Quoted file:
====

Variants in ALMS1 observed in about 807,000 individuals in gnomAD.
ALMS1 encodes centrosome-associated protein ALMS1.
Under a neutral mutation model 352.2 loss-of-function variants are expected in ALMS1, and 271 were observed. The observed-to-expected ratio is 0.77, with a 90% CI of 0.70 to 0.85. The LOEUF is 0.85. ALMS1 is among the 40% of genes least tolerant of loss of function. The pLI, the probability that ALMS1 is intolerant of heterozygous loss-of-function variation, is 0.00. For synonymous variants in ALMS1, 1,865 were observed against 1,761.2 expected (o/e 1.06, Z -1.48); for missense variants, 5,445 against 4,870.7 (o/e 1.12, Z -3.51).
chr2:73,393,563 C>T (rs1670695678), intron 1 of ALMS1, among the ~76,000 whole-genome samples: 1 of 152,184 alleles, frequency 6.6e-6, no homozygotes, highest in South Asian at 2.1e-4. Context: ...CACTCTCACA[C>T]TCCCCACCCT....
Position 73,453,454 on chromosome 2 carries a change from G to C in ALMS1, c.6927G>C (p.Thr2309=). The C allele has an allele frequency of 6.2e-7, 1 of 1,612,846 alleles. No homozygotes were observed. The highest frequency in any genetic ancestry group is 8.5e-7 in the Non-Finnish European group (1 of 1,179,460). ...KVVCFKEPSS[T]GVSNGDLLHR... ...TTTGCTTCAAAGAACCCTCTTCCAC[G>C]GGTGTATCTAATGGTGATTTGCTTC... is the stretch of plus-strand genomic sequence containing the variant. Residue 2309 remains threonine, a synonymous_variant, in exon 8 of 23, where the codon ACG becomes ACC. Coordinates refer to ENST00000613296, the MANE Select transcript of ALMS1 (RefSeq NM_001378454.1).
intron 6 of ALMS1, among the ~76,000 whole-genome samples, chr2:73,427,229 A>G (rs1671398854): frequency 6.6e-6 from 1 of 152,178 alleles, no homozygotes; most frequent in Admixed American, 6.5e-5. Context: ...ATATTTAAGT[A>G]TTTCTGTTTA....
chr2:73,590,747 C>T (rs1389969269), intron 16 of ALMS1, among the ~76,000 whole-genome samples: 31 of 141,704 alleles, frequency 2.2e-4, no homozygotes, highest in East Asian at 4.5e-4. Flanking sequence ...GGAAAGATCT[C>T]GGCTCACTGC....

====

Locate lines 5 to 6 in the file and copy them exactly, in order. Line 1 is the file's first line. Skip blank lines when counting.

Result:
Position 73,453,454 on chromosome 2 carries a change from G to C in ALMS1, c.6927G>C (p.Thr2309=). The C allele has an allele frequency of 6.2e-7, 1 of 1,612,846 alleles. No homozygotes were observed. The highest frequency in any genetic ancestry group is 8.5e-7 in the Non-Finnish European group (1 of 1,179,460). ...KVVCFKEPSS[T]GVSNGDLLHR... ...TTTGCTTCAAAGAACCCTCTTCCAC[G>C]GGTGTATCTAATGGTGATTTGCTTC... is the stretch of plus-strand genomic sequence containing the variant. Residue 2309 remains threonine, a synonymous_variant, in exon 8 of 23, where the codon ACG becomes ACC. Coordinates refer to ENST00000613296, the MANE Select transcript of ALMS1 (RefSeq NM_001378454.1).
intron 6 of ALMS1, among the ~76,000 whole-genome samples, chr2:73,427,229 A>G (rs1671398854): frequency 6.6e-6 from 1 of 152,178 alleles, no homozygotes; most frequent in Admixed American, 6.5e-5. Context: ...ATATTTAAGT[A>G]TTTCTGTTTA....